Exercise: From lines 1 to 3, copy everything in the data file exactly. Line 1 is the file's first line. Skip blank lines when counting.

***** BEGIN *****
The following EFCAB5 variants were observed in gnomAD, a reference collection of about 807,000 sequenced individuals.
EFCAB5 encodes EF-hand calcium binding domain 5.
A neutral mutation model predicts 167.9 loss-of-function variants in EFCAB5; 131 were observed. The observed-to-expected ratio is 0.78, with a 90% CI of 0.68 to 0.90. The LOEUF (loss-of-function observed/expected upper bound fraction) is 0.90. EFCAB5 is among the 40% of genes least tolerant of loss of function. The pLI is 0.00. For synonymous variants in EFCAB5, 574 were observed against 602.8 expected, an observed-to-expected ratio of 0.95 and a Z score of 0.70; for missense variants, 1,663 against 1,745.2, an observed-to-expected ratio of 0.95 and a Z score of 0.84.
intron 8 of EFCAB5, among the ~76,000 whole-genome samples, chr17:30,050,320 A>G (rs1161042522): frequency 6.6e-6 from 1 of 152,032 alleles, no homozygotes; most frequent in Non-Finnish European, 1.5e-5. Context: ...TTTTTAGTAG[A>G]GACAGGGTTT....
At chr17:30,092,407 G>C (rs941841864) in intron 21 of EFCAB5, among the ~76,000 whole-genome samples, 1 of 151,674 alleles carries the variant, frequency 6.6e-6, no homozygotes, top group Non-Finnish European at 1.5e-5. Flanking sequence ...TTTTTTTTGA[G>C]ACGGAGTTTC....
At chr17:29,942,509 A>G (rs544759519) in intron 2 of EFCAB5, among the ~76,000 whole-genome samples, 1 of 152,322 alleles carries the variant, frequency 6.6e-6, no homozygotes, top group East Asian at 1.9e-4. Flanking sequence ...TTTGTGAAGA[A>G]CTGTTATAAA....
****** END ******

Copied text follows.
The following EFCAB5 variants were observed in gnomAD, a reference collection of about 807,000 sequenced individuals.
EFCAB5 encodes EF-hand calcium binding domain 5.
A neutral mutation model predicts 167.9 loss-of-function variants in EFCAB5; 131 were observed. The observed-to-expected ratio is 0.78, with a 90% CI of 0.68 to 0.90. The LOEUF (loss-of-function observed/expected upper bound fraction) is 0.90. EFCAB5 is among the 40% of genes least tolerant of loss of function. The pLI is 0.00. For synonymous variants in EFCAB5, 574 were observed against 602.8 expected, an observed-to-expected ratio of 0.95 and a Z score of 0.70; for missense variants, 1,663 against 1,745.2, an observed-to-expected ratio of 0.95 and a Z score of 0.84.